Again, there is no good news from Deutsche Bank. This time it's Donald Trump's fault, but that alone is not a good enough excuse. The bank needs to have a major revamp — and soon, says Henrik Böhme.
For Volkswagen, it's exhaust emission tests on monkeys. For Deutsche Bank it's bonus payments for its investment bankers.
The beginning of the year brought bad news for Germany's number one banking house. The bank had finished 2017 not with a profit, but in the red. Yet just days later it turned out that the bank had still generously filled the bonus pot: their investment bankers can now look forward to around €1 billion ($1.24 billion) of extra cash in March.
The bank's management had asked for restraint, but that obviously didn't work. Investment bankers are evidently endowed with an extremely strong urge to go wherever more money can be made, which is why the bank decided to hand out "retention payments" to keep talented bankers.
The darn bonus problem
At the bank's Frankfurt headquarters they don't speak of bonuses — they prefer to say "flexible remuneration." Deutsche Bank's 57-year-old CEO John Cryan says he may have to go to Berlin to talk to the politicians who have vocally criticized the bonus payments. But they're busy with other things these days and probably won't have time.
As a consequence, the bank invited journalists and analysts to Frankfurt to explain how, despite another year of losses — the third in a row — things will slowly improve while also showing how the restructuring of the business is progressing.
It's true that a lot has happened in the last two years. It's just a shame that the outside world is complicating matters. Zero percent interest rates don't only hurt Deutsche Bank, but it seems to suffer more than most as a result of the high costs it has to bear compared to others in the sector.
The bank has also made progress on legal disputes and on upgrading its IT, which Cryan once called "Stone Age." Today he proudly says that instead of using 45 different systems, the bank now works with only 32. A lot done perhaps but evidently, more to do.
Draghi, Trump and a milestone
Of course if Mario Draghi, the head of the European Central Bank located just around the corner, were to raise interest rates it would help Deutsche Bank. A mere 1 percent increase would help the bank generate an additional €1.4 billion ($1.7 billion). So far Draghi hasn't budged and probably won't for the rest of the year.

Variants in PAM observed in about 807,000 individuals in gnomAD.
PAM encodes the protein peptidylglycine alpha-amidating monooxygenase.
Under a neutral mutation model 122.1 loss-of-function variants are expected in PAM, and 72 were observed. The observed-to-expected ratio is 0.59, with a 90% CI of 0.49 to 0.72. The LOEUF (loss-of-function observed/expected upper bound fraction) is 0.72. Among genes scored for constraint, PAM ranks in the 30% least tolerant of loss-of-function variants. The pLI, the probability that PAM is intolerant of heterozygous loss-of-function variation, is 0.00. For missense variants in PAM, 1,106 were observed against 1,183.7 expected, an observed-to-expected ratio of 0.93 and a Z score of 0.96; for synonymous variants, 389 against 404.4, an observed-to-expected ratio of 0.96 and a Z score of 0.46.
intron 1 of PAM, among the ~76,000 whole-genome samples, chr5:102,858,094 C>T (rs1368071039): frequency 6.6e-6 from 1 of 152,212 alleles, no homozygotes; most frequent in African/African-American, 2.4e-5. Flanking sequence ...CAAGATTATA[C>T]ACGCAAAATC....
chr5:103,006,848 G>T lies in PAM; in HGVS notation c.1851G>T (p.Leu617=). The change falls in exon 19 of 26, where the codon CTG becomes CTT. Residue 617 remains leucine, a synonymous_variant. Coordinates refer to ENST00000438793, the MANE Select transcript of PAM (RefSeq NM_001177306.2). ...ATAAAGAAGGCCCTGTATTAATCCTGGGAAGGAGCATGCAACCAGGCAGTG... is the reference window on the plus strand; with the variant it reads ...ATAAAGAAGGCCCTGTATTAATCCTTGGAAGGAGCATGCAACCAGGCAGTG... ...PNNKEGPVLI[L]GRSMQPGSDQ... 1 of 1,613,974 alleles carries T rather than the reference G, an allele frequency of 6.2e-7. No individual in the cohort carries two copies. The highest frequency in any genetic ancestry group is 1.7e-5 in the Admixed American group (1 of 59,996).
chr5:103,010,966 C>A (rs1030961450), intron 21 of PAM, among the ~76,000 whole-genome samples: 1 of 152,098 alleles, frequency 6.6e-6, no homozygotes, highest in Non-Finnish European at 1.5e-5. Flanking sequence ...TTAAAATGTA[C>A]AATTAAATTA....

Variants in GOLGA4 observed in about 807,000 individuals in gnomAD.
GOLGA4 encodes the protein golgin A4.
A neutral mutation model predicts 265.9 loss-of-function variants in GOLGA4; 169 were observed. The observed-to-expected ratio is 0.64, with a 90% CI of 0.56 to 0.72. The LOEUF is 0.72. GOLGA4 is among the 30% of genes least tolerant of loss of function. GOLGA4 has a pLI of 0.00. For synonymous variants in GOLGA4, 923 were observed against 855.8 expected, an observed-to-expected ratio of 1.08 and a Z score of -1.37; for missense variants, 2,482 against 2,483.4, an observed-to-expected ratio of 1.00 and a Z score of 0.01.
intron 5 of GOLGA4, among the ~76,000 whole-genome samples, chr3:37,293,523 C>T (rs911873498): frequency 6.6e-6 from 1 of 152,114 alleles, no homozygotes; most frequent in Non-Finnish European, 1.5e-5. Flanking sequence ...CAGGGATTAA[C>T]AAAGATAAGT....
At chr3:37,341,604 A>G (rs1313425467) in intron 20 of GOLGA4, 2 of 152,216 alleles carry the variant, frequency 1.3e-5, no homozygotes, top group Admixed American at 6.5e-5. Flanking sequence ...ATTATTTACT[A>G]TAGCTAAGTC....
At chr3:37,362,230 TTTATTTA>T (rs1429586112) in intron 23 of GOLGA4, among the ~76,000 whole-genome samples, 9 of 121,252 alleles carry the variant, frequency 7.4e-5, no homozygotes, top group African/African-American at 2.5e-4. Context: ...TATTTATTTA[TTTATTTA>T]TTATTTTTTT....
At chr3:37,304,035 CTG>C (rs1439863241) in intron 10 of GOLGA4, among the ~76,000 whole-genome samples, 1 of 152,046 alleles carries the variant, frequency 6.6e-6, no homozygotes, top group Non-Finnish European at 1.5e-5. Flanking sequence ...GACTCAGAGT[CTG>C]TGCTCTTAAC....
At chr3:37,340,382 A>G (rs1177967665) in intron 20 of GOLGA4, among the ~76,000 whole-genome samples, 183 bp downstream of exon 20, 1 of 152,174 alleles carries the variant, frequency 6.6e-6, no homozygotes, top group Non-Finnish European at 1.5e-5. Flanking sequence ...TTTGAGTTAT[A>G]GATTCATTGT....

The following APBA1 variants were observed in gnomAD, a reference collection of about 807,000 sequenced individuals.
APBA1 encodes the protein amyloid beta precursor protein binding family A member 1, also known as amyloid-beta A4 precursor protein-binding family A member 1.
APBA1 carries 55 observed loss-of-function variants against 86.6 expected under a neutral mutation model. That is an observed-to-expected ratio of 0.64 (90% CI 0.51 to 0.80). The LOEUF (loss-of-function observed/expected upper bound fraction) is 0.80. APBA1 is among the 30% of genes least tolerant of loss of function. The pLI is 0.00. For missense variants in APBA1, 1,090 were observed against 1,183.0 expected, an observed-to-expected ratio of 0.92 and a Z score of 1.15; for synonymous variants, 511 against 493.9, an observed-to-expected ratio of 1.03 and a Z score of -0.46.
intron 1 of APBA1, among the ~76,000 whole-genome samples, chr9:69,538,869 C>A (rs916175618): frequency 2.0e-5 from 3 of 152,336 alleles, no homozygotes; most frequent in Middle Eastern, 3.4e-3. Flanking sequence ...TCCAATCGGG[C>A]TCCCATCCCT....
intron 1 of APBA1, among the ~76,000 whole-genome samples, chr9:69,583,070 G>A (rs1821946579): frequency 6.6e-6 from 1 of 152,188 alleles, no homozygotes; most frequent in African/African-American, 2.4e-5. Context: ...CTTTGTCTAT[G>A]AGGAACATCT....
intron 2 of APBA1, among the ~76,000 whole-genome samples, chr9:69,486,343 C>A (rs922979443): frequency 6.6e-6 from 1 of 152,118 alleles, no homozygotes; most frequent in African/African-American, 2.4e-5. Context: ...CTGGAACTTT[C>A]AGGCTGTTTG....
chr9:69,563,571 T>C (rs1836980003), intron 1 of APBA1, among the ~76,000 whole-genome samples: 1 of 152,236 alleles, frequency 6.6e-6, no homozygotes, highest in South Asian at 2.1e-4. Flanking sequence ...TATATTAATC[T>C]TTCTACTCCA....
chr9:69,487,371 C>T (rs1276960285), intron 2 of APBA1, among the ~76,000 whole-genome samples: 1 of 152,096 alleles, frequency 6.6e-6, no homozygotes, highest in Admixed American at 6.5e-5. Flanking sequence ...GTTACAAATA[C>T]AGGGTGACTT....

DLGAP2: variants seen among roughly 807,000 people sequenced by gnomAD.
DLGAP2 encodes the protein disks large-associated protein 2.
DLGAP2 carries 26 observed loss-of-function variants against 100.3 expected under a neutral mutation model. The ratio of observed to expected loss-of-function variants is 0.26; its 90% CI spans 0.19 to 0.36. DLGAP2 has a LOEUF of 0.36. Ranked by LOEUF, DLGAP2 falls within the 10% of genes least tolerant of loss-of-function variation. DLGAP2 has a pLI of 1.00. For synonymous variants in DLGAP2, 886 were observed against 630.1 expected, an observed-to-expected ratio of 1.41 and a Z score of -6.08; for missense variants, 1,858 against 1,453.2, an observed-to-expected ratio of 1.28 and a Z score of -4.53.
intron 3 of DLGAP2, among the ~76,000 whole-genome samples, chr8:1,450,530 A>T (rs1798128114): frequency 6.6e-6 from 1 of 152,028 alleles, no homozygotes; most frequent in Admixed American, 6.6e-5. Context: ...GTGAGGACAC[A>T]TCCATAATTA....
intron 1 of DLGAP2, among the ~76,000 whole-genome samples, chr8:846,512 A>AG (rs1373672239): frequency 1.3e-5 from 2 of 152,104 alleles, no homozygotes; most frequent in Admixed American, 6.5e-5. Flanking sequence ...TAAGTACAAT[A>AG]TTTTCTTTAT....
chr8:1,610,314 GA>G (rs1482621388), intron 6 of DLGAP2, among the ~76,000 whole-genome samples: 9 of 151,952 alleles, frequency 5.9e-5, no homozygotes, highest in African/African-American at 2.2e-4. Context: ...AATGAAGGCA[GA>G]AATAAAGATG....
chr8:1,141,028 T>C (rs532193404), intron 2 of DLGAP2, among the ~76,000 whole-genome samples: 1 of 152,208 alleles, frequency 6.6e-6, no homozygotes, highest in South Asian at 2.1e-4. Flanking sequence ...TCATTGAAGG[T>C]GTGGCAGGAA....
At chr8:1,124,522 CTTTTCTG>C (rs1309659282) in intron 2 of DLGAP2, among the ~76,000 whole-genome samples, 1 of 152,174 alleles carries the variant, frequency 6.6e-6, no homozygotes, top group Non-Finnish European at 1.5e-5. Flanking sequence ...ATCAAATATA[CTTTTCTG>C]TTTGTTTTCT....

But another man is doing something and this is annoying the German bankers. Donald Trump, the White House deal-maker, has thrown a wrench in the works of all banks that do business in the US. Now these banks have to take a high one-time write-off, denting everyone's balance sheet. Yet in the end only Deutsche Bank really messed up and reported a loss, while other banks earned enough to make up for the hit. But as the old saying goes: Things have to get worse before they get better.
Cryan can keep pointing to the successes that undoubtedly exist, but somehow, there seems to be a curse looming over the bank's twin towers in Frankfurt. When one fire is extinguished another new one flares up somewhere else.
For example, many at the bank were happy when HNA, a new major investor from China, emerged. Now that conglomerate is apparently having financial difficulties. That's a problem, especially when you consider that they control around 10 percent of the bank.
After taking office in summer 2015, Cryan proclaimed that 2018 would be the "year of a turnaround." He has now completed half of his five-year contract. In 2020, the once proud and important Deutsche Bank will celebrate its 150th birthday. It remains to be seen if Cryan will still be the boss when the festivities start. Big creditors and small shareholders are all eagerly awaiting good news. Can he deliver? The bets are on.